This case is now solved, and we our closing down our investigation.

Anyone who doubts our conclusion is a conspiracy theorist who should go look for anthrax spores on a grassy knoll.
For more from George Washington, why the FBI admits it has no case against Ivins, how the anthrax went from brown sand-like quality to high-tech nanoparticles of polymerized glass over the course of multiple attacks (attacks, it should be mentioned, against those most likely to oppose passage of the Patriot Act) and odd coincidences between the anthrax attacks, the Iraq forgeries and 9-11 (not to mention the JFK assassination), visit George Washington's Blog. I have taken a good deal of pleasure in watching this unfold in the past month, in no small part buoyed by my recent viewing of the TNT 2000 made-for-cable movie, Nuremberg, now available for rental in DVD.

In Nuremberg, Alec Baldwin, as Robert H. Jackson, gives one of the best opening statements by a prosecutor in recorded history. Nothing is overstated or grandiloquent. He merely puts the court itself on trial, with civilization in the balance.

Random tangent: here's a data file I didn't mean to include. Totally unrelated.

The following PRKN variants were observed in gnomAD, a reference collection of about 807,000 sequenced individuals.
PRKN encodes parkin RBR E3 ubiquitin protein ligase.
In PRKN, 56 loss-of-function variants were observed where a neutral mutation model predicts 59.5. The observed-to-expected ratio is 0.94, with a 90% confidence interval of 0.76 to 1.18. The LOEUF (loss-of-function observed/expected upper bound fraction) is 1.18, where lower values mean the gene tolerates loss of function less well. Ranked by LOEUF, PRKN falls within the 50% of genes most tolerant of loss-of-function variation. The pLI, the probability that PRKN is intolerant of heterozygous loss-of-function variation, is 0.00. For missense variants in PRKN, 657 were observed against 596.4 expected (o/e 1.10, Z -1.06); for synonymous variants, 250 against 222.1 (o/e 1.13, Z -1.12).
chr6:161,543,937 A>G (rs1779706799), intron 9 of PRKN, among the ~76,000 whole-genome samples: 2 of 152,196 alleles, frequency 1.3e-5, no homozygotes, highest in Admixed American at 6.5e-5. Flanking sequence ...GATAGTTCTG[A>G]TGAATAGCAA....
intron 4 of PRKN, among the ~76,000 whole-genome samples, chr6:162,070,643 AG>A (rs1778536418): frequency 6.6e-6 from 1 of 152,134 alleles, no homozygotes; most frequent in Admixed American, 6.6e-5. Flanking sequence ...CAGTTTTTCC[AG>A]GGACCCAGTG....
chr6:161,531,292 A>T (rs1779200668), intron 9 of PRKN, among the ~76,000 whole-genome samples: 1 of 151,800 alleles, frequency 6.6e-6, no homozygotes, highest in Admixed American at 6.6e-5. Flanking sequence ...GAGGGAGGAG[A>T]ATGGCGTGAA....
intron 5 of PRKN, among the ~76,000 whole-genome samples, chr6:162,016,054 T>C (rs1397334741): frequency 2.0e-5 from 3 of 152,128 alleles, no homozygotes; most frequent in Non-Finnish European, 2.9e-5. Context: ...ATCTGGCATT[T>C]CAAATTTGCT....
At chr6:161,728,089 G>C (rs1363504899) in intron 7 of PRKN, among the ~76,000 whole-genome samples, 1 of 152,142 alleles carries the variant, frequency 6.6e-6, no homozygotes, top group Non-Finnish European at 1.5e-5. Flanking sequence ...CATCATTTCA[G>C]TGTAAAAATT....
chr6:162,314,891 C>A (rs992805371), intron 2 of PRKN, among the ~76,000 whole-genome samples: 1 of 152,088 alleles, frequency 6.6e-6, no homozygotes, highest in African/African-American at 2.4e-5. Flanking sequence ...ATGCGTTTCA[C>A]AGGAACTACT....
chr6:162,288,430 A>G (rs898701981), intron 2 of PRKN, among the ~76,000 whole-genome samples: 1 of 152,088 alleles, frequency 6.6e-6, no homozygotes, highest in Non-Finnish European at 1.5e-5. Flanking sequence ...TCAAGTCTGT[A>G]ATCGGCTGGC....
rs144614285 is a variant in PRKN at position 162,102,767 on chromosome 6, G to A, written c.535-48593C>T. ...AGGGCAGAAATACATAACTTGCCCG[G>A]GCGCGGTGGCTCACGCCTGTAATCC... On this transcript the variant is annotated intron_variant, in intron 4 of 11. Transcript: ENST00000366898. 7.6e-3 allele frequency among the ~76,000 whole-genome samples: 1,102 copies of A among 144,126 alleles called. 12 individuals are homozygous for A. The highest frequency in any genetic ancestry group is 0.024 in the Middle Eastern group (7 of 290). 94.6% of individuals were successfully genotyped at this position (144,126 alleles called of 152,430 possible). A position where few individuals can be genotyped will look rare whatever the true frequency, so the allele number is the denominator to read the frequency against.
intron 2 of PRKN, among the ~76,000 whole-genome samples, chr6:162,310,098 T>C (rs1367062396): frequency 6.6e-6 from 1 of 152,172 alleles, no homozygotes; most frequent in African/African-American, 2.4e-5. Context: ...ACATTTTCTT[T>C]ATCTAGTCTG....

Under the clutch of the most intricate web of espionage and intrigue that any modern state has endured, and persecution and torture of a kind that has not been visited upon the world in man centuries, the elements of the German population which were both decent and courageous were annihilated. Those which were decent but weak were intimidated. Open resistance, which had never been more than feeble and irresolute, disappeared.

***

The real complaining party at your bar is Civilization. In all countries it is still a struggling and imperfect thing. It does not plead that the United States, or any other country, has been blameless of the conditions which made the German people easy victims to the blandishments and intimidations of the Nazi conspirators.